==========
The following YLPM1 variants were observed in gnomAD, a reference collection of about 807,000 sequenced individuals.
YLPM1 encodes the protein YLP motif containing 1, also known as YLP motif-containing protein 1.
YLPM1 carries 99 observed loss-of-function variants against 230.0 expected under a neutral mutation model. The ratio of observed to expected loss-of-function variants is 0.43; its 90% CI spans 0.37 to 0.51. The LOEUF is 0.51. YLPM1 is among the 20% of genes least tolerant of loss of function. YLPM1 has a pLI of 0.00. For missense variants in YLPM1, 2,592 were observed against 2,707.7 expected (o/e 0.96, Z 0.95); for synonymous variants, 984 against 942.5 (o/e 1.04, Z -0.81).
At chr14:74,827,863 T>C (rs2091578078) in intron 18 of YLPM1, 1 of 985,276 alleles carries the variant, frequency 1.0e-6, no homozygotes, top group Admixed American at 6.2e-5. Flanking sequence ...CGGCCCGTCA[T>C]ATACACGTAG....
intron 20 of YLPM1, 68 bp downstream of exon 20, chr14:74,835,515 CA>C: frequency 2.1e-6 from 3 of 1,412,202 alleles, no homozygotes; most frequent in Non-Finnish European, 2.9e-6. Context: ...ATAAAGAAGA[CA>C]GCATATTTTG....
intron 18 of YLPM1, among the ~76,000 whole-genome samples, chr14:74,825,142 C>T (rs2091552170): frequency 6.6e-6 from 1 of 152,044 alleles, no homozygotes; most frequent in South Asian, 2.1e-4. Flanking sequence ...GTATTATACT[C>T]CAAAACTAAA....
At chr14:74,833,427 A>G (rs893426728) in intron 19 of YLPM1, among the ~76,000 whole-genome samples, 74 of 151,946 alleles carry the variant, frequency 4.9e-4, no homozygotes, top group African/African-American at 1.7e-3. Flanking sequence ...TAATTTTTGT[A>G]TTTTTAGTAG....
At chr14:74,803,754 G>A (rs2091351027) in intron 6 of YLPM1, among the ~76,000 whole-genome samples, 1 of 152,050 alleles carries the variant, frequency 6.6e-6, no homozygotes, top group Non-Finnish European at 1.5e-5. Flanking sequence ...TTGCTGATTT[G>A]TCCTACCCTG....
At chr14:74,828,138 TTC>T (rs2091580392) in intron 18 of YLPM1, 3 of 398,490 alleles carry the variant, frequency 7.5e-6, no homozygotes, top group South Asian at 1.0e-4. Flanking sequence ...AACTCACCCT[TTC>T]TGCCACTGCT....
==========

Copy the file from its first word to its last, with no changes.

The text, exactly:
The following YLPM1 variants were observed in gnomAD, a reference collection of about 807,000 sequenced individuals.
YLPM1 encodes the protein YLP motif containing 1, also known as YLP motif-containing protein 1.
YLPM1 carries 99 observed loss-of-function variants against 230.0 expected under a neutral mutation model. The ratio of observed to expected loss-of-function variants is 0.43; its 90% CI spans 0.37 to 0.51. The LOEUF is 0.51. YLPM1 is among the 20% of genes least tolerant of loss of function. YLPM1 has a pLI of 0.00. For missense variants in YLPM1, 2,592 were observed against 2,707.7 expected (o/e 0.96, Z 0.95); for synonymous variants, 984 against 942.5 (o/e 1.04, Z -0.81).
At chr14:74,827,863 T>C (rs2091578078) in intron 18 of YLPM1, 1 of 985,276 alleles carries the variant, frequency 1.0e-6, no homozygotes, top group Admixed American at 6.2e-5. Flanking sequence ...CGGCCCGTCA[T>C]ATACACGTAG....
intron 20 of YLPM1, 68 bp downstream of exon 20, chr14:74,835,515 CA>C: frequency 2.1e-6 from 3 of 1,412,202 alleles, no homozygotes; most frequent in Non-Finnish European, 2.9e-6. Context: ...ATAAAGAAGA[CA>C]GCATATTTTG....
intron 18 of YLPM1, among the ~76,000 whole-genome samples, chr14:74,825,142 C>T (rs2091552170): frequency 6.6e-6 from 1 of 152,044 alleles, no homozygotes; most frequent in South Asian, 2.1e-4. Flanking sequence ...GTATTATACT[C>T]CAAAACTAAA....
At chr14:74,833,427 A>G (rs893426728) in intron 19 of YLPM1, among the ~76,000 whole-genome samples, 74 of 151,946 alleles carry the variant, frequency 4.9e-4, no homozygotes, top group African/African-American at 1.7e-3. Flanking sequence ...TAATTTTTGT[A>G]TTTTTAGTAG....
At chr14:74,803,754 G>A (rs2091351027) in intron 6 of YLPM1, among the ~76,000 whole-genome samples, 1 of 152,050 alleles carries the variant, frequency 6.6e-6, no homozygotes, top group Non-Finnish European at 1.5e-5. Flanking sequence ...TTGCTGATTT[G>A]TCCTACCCTG....
At chr14:74,828,138 TTC>T (rs2091580392) in intron 18 of YLPM1, 3 of 398,490 alleles carry the variant, frequency 7.5e-6, no homozygotes, top group South Asian at 1.0e-4. Flanking sequence ...AACTCACCCT[TTC>T]TGCCACTGCT....